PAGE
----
Youth Brass 2000 is a young people’s brass band based in the village of Wilbarston in the Kettering constituency. Will my right hon. Friend join me in congratulating it on recently being crowned British open youth brass band champion for the fifth year running? Is it not an excellent example that other youth bands should be pleased to follow?
I am delighted to trumpet the success of the British open youth champions, who have won for the fifth year in a row. I played the cornet in a brass band when I was a boy, but I never rose to the dizzying heights of the national champions whom my hon. Friend represents. I send congratulations to them all.
In my constituency of Strangford, we have the wonderful Newtownards silver band, which brings together the young and the not so young playing instruments that are also young and not so young. I understand that the Minister is keen to support that, so will he endorse the need for cross-community participation and gender balance to ensure that the brass brands of the future can succeed?
As we can see by the response in the House, there are brass bands right across the country—the Haverhill band in my constituency is a particularly good example. The hon. Gentleman’s point that brass bands, like other music organisations, can bring together people from different backgrounds across cultural divides and provide a point of unity is well made.
The Minister is certainly not known for blowing his own trumpet. I am sure that, like me, he would like to congratulate the Haslingden and Helmshore band, the Water band, the 2nd Rossendale Scout band, the Whitworth Vale and Healey band and the Darwen brass band, all of which work with young people in particular. Will he take this opportunity to thank all those bands for the fantastic work that they do to get young people off the street, give them a love of music and get them performing?
The long-term sustainability of our brass bands, including the fine Blaenavon town band in my home town, depends on affordable music lessons being available in schools. Does the Minister agree that the Government’s cuts to the devolved Administrations’ local councils have put that at risk?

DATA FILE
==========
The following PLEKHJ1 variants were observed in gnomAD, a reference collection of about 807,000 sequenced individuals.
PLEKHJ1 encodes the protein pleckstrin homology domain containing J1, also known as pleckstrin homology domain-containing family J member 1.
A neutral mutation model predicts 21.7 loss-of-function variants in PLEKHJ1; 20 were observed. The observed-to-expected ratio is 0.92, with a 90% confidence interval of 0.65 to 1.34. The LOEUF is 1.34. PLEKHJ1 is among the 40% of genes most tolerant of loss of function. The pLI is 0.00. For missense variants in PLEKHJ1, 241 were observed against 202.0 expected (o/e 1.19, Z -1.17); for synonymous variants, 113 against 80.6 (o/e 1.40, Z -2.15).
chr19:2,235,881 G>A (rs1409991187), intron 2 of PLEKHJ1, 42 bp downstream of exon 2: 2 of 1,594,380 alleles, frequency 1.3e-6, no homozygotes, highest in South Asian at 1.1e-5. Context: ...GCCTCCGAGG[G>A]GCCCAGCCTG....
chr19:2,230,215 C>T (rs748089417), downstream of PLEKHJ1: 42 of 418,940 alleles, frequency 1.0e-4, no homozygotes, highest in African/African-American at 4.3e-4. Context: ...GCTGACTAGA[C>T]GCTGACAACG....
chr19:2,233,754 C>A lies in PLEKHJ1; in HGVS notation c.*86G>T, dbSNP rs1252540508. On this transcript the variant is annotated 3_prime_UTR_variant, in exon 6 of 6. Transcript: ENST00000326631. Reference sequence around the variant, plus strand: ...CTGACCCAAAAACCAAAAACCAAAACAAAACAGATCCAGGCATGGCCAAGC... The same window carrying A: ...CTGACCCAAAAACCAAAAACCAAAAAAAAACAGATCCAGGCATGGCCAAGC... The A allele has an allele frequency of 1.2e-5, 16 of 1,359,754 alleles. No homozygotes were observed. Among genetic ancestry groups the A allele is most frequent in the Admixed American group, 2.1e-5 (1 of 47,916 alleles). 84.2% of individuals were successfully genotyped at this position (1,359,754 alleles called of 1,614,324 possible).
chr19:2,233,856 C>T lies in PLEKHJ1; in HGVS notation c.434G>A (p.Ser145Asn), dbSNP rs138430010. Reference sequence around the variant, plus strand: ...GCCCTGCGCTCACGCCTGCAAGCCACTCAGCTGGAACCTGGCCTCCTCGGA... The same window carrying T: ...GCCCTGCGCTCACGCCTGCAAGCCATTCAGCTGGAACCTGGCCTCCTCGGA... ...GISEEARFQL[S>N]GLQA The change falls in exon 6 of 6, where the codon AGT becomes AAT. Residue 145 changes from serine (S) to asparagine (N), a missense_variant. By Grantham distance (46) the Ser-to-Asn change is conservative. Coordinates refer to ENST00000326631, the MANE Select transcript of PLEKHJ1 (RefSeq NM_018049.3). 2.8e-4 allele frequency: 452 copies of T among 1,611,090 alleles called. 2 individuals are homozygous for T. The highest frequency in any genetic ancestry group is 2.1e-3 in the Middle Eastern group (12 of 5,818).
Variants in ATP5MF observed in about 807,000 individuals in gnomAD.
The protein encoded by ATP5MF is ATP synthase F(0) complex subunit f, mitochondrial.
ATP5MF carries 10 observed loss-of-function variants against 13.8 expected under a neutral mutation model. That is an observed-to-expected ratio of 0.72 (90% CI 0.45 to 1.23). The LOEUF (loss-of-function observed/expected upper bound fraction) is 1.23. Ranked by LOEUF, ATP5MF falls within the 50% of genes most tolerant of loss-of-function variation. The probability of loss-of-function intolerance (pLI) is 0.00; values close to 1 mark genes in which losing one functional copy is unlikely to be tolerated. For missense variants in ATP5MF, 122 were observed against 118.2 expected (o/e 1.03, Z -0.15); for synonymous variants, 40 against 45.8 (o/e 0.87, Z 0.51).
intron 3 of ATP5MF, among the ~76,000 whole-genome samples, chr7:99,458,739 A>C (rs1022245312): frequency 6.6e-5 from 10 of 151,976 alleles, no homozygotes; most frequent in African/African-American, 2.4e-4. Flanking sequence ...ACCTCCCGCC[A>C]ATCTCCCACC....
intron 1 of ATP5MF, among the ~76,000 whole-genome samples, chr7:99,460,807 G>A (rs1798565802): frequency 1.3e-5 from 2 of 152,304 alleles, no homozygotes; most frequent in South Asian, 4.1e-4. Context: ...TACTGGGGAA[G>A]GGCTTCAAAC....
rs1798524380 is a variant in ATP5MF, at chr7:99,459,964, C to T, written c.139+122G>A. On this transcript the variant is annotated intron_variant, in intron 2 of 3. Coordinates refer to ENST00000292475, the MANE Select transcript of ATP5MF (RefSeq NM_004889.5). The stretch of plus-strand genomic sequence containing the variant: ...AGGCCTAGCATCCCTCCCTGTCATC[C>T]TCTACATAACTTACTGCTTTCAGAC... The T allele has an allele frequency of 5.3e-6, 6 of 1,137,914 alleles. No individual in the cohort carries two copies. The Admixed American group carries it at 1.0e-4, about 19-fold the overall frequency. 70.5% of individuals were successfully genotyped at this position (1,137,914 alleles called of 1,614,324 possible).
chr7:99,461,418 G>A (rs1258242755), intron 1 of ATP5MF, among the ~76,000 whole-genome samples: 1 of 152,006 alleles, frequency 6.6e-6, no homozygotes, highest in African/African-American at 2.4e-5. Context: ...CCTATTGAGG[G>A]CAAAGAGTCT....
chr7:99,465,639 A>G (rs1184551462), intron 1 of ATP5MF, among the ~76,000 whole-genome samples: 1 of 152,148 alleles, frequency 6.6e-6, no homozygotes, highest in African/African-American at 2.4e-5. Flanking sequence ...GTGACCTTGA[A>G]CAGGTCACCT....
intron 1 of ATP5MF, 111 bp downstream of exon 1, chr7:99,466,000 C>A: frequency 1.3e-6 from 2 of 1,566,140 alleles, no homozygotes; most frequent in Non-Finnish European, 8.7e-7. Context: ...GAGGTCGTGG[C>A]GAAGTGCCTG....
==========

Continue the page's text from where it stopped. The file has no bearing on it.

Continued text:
People who play in brass bands right across the country should be enthused by the support for this question from both sides of the Chamber. I disagree with the hon. Gentleman. In England, where the UK Government are responsible for support, we have put £300 million into music hubs to ensure that everybody gets the opportunity to play a musical instrument. It is up to devolved authorities to do that outside England, and I wish that the Welsh Government would do something similar.
Leaving the EU: Creative Industries
The Government want to ensure the best deal for Britain on leaving the European Union and to provide as much certainty as we can. The creative industries are one of the UK’s greatest success stories, contributing more than £87 billion to the economy and more than £19 billion in exports. I am confident that that will continue when we leave the European Union, and we have been working with the industry to ensure that that is the case.
I am sure the Secretary of State has her favourite rock band, so could she assure us that the Government are taking steps to ensure that increased carnet costs and work visa requirements do not kill off UK musicians’ ability to tour European venues post-Brexit?
It has been pointed out by hon. Friends behind me that we have moved from brass bands to rock bands—that was a nice segue by the hon. Gentleman. The point is that the UK music industry is a global leader—it is a leader not just in 27 European Union countries, but around the world. It is British bands that are touring around the world. I understand the hon. Gentleman’s point, and I am working closely with the industry to ensure that we get the very best deal for British music not only in Europe, but around the world.